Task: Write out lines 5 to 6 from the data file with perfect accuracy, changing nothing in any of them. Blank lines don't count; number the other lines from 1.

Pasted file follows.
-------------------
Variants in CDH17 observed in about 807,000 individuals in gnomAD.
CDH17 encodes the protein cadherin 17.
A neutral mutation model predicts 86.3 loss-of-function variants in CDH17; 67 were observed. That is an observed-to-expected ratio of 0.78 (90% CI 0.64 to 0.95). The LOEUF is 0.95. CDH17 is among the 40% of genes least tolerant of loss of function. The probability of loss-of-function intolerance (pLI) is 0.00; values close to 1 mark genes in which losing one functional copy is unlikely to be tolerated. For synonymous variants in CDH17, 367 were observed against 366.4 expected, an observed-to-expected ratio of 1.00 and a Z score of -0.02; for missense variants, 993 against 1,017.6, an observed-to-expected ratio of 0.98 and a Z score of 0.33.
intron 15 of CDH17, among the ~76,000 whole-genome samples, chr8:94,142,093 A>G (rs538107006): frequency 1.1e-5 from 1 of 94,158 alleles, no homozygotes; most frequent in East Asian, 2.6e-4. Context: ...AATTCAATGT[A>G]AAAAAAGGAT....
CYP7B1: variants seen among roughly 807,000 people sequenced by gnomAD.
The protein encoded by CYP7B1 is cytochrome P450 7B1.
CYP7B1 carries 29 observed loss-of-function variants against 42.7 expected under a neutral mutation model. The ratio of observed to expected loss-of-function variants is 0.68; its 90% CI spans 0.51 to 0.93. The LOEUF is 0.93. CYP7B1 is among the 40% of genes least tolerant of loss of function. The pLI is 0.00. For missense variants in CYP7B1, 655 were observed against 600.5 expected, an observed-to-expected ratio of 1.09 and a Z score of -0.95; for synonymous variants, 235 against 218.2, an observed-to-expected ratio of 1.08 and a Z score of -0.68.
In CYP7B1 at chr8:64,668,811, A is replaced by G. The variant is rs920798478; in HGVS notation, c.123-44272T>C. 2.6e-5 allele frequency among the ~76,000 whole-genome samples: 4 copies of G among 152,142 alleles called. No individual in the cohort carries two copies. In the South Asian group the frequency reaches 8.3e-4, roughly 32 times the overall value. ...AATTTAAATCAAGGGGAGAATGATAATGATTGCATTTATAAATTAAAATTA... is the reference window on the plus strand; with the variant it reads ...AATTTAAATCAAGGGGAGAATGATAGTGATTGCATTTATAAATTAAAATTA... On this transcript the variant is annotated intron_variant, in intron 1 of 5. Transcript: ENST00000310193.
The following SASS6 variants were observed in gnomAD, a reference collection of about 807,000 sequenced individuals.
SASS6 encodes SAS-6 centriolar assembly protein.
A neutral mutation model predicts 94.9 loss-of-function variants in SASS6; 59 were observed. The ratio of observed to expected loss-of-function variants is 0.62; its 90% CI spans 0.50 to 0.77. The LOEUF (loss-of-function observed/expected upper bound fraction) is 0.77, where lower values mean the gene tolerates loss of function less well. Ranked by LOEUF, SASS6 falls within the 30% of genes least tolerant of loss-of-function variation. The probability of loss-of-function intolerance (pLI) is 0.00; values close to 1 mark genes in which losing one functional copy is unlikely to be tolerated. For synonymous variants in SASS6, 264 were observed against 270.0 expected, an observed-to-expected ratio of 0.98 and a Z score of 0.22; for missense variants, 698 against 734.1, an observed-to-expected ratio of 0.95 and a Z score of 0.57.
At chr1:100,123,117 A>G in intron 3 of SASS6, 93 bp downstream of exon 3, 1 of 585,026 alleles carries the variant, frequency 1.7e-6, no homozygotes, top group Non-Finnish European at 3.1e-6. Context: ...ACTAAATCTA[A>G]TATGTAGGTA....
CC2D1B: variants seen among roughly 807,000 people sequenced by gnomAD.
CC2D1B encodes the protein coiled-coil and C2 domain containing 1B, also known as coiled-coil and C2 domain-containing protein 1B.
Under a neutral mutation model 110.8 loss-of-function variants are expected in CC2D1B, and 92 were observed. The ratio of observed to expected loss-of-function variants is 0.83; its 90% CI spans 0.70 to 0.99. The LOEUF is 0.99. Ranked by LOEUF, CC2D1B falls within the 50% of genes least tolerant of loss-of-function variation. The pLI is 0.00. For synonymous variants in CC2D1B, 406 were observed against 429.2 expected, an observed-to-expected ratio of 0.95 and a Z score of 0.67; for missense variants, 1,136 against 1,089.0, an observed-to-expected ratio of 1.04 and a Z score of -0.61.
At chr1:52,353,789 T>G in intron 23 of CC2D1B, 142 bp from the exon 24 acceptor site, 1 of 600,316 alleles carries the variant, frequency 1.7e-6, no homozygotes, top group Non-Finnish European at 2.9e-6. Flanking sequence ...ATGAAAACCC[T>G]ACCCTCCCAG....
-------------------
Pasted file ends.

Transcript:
CYP7B1: variants seen among roughly 807,000 people sequenced by gnomAD.
The protein encoded by CYP7B1 is cytochrome P450 7B1.